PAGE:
Problems with Definition
The original policy of having the government own the land motorway services were built on, and having them dedicated for such a purpose, meant it was very clear whether something was a motorway service area or not. Since the first motorways opened enterprising landowners have built hotels and petrol stations next to motorway junctions but these clearly didn't meet the definition.
Now the land is privately owned, the definition of a service area is that there must be a Traffic Signs Agreement in place between the highway authority and the landowner. This causes a problem for enthusiasts because, in the UK, road signs are very inconsistent.
Sometimes small petrol stations will be told they don't qualify, sometimes they will be told they can have signs because there are no services nearby, sometimes they'll ask for signs and get them even though they clearly don't qualify and sometimes they'll get signs even when they didn't ask. That's not to mention the cases where different signs to normal have been used, such as replacing services with "hotel", "local facilities" or "rest area".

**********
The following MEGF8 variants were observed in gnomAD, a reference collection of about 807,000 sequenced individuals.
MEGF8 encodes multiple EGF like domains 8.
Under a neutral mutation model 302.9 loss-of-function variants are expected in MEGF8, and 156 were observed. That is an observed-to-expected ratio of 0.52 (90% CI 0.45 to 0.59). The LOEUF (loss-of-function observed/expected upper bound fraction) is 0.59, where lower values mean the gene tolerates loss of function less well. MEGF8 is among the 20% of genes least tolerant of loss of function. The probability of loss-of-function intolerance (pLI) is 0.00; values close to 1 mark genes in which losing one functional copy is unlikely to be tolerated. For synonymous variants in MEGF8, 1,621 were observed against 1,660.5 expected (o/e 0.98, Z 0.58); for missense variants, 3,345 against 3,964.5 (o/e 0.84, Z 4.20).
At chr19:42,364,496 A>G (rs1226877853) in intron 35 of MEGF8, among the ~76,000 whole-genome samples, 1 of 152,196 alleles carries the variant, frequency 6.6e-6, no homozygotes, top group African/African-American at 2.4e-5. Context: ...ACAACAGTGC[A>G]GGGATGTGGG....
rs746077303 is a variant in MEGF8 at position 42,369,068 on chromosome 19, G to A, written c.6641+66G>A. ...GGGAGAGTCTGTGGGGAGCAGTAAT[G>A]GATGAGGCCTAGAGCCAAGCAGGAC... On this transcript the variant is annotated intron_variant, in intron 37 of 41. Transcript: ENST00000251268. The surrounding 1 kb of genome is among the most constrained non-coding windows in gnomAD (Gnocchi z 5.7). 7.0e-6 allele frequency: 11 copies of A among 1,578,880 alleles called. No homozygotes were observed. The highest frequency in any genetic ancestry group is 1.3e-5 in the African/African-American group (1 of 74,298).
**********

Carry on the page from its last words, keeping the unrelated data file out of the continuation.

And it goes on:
To the casual road user, everything is simple. To enthusiasts, trying to count how many services is impossible because there are too many jokers in the pack. However for highway authorities and landowners it creates a constant battle over what does and doesn't qualify.
A Traffic Signs Agreement and official motorway signage should only be provided for service areas that meet the following requirements, 24 hours a day, 365 days a year:
- Two hours free parking for all vehicle types, with CCTV and lighting
- Free toilets, baby-changing facilities and a Changing Places, with no need to make a purchase
- Showers for HGV drivers, with lockers
- Petrol and diesel fuel
- Electric vehicle charging points
- Cooked hot food and hot drinks for consumption on the premises
- Access to a free-of-charge telephone for emergency use
- Free wifi
- Free power points available for device charging
- Access for those carrying out duties on behalf of the Secretary of State for Transport
The government policy also states that official motorway service areas should "share a common boundary with the highway". This means that you can't, in theory, have a motorway service area that is down miles of country lanes, or exclusively serving an A-road; while there are some service areas that are hard to find, these still tend to have a common boundary with the motorway.